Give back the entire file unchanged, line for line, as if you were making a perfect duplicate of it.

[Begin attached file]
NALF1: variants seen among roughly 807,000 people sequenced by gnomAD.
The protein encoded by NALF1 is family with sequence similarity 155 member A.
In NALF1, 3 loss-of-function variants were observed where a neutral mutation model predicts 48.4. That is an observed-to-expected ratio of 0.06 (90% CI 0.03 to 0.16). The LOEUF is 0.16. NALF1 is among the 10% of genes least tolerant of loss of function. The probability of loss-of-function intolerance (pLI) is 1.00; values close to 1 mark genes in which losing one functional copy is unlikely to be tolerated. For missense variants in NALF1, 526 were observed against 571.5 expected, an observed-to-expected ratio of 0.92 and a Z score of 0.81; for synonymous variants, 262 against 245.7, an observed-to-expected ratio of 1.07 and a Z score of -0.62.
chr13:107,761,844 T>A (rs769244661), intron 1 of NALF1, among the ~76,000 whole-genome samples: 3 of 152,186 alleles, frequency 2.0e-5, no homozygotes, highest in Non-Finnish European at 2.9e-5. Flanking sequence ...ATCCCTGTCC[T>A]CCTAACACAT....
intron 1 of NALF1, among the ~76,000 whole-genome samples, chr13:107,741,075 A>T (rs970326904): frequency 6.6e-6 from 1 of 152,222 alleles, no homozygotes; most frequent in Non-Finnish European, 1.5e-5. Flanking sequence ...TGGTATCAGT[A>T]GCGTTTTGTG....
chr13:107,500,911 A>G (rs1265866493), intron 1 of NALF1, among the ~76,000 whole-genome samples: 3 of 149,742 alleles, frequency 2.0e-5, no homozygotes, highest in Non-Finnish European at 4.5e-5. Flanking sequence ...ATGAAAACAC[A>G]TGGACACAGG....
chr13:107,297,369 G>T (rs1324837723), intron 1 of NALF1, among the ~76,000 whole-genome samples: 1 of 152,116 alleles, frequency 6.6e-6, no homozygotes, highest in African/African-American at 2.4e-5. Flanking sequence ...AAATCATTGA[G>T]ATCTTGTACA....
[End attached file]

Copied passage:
NALF1: variants seen among roughly 807,000 people sequenced by gnomAD.
The protein encoded by NALF1 is family with sequence similarity 155 member A.
In NALF1, 3 loss-of-function variants were observed where a neutral mutation model predicts 48.4. That is an observed-to-expected ratio of 0.06 (90% CI 0.03 to 0.16). The LOEUF is 0.16. NALF1 is among the 10% of genes least tolerant of loss of function. The probability of loss-of-function intolerance (pLI) is 1.00; values close to 1 mark genes in which losing one functional copy is unlikely to be tolerated. For missense variants in NALF1, 526 were observed against 571.5 expected, an observed-to-expected ratio of 0.92 and a Z score of 0.81; for synonymous variants, 262 against 245.7, an observed-to-expected ratio of 1.07 and a Z score of -0.62.
chr13:107,761,844 T>A (rs769244661), intron 1 of NALF1, among the ~76,000 whole-genome samples: 3 of 152,186 alleles, frequency 2.0e-5, no homozygotes, highest in Non-Finnish European at 2.9e-5. Flanking sequence ...ATCCCTGTCC[T>A]CCTAACACAT....
intron 1 of NALF1, among the ~76,000 whole-genome samples, chr13:107,741,075 A>T (rs970326904): frequency 6.6e-6 from 1 of 152,222 alleles, no homozygotes; most frequent in Non-Finnish European, 1.5e-5. Flanking sequence ...TGGTATCAGT[A>T]GCGTTTTGTG....
chr13:107,500,911 A>G (rs1265866493), intron 1 of NALF1, among the ~76,000 whole-genome samples: 3 of 149,742 alleles, frequency 2.0e-5, no homozygotes, highest in Non-Finnish European at 4.5e-5. Flanking sequence ...ATGAAAACAC[A>G]TGGACACAGG....
chr13:107,297,369 G>T (rs1324837723), intron 1 of NALF1, among the ~76,000 whole-genome samples: 1 of 152,116 alleles, frequency 6.6e-6, no homozygotes, highest in African/African-American at 2.4e-5. Flanking sequence ...AAATCATTGA[G>T]ATCTTGTACA....